There were langurs on the trees above us, all making a noise and chattering among themselves in high-spirited voices and occasionally trying to make faces at us.
“What about some elephants and giraffes?” I asked in a harsh whisper.
“Idiot,” said my father. “There are no wild giraffes in India. You should have spent more time on the Discovery channel than that annoying WWE!”
I subsided into a black gloom. No giraffes, no lions, and not even a flash of grey elephants. Deer and more deer, langurs, some sad looking pea-hens, a drongo whistling angrily at us . . . it was getting colder and colder and still no sign of her.
The road curved and coiled like a snake, right into the forest. I could sense that we were getting deeper and deeper. More deer. More boar. More langurs. More thoughts about elephants and giraffes.
Ashok was quite indifferent to the sight of the deer and not even a sambhar family could cheer him up. I guessed it was because he saw these animals every single day of the year.
“Crested serpent eagle.” Ashok ground the jeep to a halt and we saw a sharp-beaked angry-eyed bird on a single, leafless bough and all I could think was how dignified it was.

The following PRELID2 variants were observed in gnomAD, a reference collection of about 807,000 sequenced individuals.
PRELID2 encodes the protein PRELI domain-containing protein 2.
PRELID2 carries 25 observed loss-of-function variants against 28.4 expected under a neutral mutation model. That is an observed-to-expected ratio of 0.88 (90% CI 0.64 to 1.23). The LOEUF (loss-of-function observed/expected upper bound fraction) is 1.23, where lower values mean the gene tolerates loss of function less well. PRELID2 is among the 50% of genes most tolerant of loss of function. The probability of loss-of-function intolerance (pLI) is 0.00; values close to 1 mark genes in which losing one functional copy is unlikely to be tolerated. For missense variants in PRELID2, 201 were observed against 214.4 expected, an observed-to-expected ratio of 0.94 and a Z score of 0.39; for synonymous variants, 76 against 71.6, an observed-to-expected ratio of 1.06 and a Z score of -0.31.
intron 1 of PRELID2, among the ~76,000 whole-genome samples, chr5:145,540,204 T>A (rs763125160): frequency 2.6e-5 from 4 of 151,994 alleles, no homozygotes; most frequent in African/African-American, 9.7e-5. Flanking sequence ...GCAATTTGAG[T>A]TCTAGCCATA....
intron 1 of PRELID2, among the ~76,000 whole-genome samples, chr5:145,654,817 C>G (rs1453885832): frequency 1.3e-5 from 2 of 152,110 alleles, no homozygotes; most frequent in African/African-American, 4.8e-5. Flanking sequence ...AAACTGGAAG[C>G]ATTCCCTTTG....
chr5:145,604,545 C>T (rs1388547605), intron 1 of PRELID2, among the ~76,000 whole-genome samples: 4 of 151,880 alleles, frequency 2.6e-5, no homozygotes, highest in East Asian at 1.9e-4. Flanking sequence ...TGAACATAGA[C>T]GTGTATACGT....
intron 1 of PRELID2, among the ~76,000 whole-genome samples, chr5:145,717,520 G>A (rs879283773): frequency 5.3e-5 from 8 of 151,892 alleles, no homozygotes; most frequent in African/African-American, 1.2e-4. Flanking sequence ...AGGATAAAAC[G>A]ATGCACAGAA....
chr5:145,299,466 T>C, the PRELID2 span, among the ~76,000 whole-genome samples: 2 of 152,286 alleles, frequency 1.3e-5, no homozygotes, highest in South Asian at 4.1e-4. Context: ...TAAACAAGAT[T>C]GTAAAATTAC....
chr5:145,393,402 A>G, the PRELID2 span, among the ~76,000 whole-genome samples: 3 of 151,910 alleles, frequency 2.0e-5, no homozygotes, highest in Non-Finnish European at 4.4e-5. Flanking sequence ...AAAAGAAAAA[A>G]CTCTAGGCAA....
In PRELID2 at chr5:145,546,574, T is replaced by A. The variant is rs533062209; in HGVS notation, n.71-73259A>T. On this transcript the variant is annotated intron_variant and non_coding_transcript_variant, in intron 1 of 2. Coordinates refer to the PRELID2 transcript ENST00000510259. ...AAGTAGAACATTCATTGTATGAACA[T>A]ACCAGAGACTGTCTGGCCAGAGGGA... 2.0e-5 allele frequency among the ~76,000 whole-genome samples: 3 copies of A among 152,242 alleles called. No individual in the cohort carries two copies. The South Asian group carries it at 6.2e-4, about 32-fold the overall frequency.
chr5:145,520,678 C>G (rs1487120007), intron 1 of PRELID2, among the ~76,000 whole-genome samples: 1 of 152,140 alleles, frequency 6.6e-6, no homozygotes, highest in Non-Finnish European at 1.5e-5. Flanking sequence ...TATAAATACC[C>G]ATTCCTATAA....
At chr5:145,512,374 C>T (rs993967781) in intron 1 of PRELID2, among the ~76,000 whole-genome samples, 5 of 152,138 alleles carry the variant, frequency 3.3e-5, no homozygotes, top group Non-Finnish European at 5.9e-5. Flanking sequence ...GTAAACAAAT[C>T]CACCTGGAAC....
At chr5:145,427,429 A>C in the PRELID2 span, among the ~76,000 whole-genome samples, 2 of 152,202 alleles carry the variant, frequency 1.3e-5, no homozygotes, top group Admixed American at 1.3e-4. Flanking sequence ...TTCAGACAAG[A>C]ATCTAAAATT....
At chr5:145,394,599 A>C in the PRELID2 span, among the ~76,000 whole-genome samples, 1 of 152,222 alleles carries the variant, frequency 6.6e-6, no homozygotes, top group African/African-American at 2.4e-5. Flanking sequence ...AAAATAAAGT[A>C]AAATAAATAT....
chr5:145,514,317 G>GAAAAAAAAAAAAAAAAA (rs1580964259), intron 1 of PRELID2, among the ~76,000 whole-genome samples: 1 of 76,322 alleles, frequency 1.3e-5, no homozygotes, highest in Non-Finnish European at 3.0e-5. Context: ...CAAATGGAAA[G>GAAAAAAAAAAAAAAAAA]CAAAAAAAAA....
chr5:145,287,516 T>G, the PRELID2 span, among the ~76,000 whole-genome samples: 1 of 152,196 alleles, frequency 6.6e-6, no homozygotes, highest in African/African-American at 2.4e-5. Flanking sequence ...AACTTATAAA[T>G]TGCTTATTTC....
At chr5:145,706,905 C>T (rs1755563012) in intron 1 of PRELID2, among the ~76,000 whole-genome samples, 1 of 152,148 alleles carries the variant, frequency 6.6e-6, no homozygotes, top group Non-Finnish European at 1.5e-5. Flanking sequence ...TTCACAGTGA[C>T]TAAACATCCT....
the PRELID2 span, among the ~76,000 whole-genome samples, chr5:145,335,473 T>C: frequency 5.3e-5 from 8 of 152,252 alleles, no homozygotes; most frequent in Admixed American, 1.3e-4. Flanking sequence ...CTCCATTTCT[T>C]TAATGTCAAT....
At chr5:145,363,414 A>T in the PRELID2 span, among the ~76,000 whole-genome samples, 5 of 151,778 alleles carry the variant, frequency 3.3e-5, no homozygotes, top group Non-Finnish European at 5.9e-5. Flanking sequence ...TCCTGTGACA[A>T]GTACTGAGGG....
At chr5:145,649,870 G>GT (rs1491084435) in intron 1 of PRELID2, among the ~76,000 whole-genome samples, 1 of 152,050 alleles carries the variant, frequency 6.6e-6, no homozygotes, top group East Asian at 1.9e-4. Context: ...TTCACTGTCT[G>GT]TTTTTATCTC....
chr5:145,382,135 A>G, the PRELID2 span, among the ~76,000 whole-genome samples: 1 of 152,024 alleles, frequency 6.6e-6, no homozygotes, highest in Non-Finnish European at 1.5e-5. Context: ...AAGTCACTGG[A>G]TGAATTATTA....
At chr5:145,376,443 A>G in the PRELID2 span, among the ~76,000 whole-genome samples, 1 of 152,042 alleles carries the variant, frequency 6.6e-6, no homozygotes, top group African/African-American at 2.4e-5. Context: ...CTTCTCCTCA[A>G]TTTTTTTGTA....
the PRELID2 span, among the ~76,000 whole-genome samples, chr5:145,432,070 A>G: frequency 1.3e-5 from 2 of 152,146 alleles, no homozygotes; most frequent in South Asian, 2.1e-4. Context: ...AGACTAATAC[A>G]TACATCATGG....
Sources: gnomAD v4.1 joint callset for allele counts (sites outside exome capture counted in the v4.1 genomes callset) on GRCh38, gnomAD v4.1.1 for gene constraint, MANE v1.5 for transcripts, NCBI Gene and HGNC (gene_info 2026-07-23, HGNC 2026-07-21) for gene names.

Sometimes there is this imaginary debate in my mind, wondering which was more regal, the tiger or the crested eagle. This grand bird of prey sat perched upon the branch, occasionally turning its mighty, white feathered chest and ochre eyes towards the awe-struck spectators with an imperious gaze and passing us by as lousy specimens too low for him to consider.
Our jeep moved on, and the eagle turned its neck to peer at us as we slowly backed away towards another path. I suppose the eagle wasn’t too pleased about us going . He probably could have done with a few more fascinated, foolish humans.
Perhaps I had dozed off. There was such a rhythmic sway to the ride—soothing and lulled by the wind and the cicadas and the sal smell—that I let my chin drop to my chest.
“Tiger.” It was Mum. I sat up with a jolt. Everyone was on their legs in the jeep, head craning for a better view.